- A Trip to Lewis
and Clark Caverns
- by George Everett
Despite the name, neither Lewis nor Clark ever found
these caverns, although they did pass by on the Jefferson River
in the valley below.
The caverns with their fantastic calcite formations created by
mineral water seeping through cracks in the wall and dripping
from the ceiling were given their name in honor of the expedition
of the Corps of Discovery when the caverns became Montana's first
state park in 1937.
Guided tours take about two hours to descend the hundreds of
steps through the cave and open into rooms like the Cathedral
Room and the Paradise Room where columns have formed of calcite
dripstone from stalagmites meeting stalactites.
In places where water
has flowed more freely, formations have been left behind in the
form of ribbons or sheets. In other spots, cave popcorn have
clustered on the walls where water has slowly seeped through
At times you might want to blow raspberries at the stale Disneyish
tales told to provoke the imagination to see something in the
shapes. The formations are enough in themselves to fascinate
the dullest tourist. You can almost forgive the silliness when
you hear the real life adventures of Dan Morrison, the man who
developed the cave for tours. He built a wooden staircase down
into the cave and took candlelight tours down for 30 years even
after the Northern Pacific Railroad claimed the property and
deeded it to the federal government. The cave still bears the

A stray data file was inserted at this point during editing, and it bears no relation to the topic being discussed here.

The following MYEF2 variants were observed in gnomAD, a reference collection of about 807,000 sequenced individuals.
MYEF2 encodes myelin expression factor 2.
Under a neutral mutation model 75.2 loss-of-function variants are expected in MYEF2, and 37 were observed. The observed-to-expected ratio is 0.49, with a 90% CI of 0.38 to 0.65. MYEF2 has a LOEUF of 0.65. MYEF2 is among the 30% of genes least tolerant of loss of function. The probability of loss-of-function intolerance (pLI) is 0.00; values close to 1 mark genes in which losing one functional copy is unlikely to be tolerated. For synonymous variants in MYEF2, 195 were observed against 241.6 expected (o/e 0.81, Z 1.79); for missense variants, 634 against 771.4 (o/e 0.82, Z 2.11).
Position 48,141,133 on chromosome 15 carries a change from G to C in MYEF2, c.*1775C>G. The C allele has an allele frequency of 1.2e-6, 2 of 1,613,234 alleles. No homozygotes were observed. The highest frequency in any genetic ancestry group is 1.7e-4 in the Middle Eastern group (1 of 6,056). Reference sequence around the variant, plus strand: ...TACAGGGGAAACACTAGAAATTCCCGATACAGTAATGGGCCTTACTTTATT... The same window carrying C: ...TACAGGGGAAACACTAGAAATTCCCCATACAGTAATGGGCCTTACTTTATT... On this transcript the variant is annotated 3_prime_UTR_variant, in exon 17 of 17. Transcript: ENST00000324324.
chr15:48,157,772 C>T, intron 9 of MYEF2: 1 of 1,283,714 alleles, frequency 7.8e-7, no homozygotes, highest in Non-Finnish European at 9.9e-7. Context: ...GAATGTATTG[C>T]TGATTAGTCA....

mark of Morrison's tours as he would allow his guests to pull
off stalactites from the ceiling to take home as souvenirs.
In the late 1930s, the CCC built the 3.5 mile road to the cave
and poured concrete steps, installed handrails, explored to find
new rooms, and essentially developed the cave to accommodate
visitors today. The tour is not for the handicapped or the physically
impaired. There is a gift shop and an information center and
picnic areas all the way up the mountain for those who would
It's a healthy hike up to the mouth of the cave and hundreds
of steps, some steep and wet, can bring out the klutz in the
best of us. Small children might find the tour a little long,
too, and the low overhead in some rooms makes it difficult to
carry a small child and maintain your balance at the same time.
A small comfort as
you descend on narrow steps is that no person has ever died on
a tour inside the cave. When the temperature soars to 90 and
above, the caverns become even more attractive.
With a constant temperature of about 50 degrees, visitors are
encouraged to bring a sweater to stay warm inside even on the
hottest August afternoon.
Part of any visit, too, is the incredible drive that winds through
the LaHood Canyon along the Jefferson River from Cardwell or
Admission is $10 for each adult, $5 for children age 6 to 11,
and children under that are free. For more information, contact
Lewis and Clark Caverns State Park, Box 489, Whitehall, MT 59759;